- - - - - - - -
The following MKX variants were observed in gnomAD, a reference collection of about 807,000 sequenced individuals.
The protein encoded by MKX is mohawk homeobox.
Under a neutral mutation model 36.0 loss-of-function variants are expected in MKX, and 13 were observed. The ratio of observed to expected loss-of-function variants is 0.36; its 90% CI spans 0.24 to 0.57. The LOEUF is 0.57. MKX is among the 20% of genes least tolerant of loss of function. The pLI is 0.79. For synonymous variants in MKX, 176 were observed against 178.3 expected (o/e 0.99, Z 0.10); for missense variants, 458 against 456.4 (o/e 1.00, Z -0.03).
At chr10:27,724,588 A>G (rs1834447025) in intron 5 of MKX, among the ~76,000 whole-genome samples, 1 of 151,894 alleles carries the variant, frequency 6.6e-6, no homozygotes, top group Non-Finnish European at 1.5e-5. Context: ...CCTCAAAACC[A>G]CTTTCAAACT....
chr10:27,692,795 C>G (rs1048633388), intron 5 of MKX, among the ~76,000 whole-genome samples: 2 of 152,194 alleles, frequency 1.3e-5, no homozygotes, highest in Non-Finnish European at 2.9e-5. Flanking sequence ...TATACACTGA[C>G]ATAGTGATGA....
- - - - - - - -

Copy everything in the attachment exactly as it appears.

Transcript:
The following MKX variants were observed in gnomAD, a reference collection of about 807,000 sequenced individuals.
The protein encoded by MKX is mohawk homeobox.
Under a neutral mutation model 36.0 loss-of-function variants are expected in MKX, and 13 were observed. The ratio of observed to expected loss-of-function variants is 0.36; its 90% CI spans 0.24 to 0.57. The LOEUF is 0.57. MKX is among the 20% of genes least tolerant of loss of function. The pLI is 0.79. For synonymous variants in MKX, 176 were observed against 178.3 expected (o/e 0.99, Z 0.10); for missense variants, 458 against 456.4 (o/e 1.00, Z -0.03).
At chr10:27,724,588 A>G (rs1834447025) in intron 5 of MKX, among the ~76,000 whole-genome samples, 1 of 151,894 alleles carries the variant, frequency 6.6e-6, no homozygotes, top group Non-Finnish European at 1.5e-5. Context: ...CCTCAAAACC[A>G]CTTTCAAACT....
chr10:27,692,795 C>G (rs1048633388), intron 5 of MKX, among the ~76,000 whole-genome samples: 2 of 152,194 alleles, frequency 1.3e-5, no homozygotes, highest in Non-Finnish European at 2.9e-5. Flanking sequence ...TATACACTGA[C>G]ATAGTGATGA....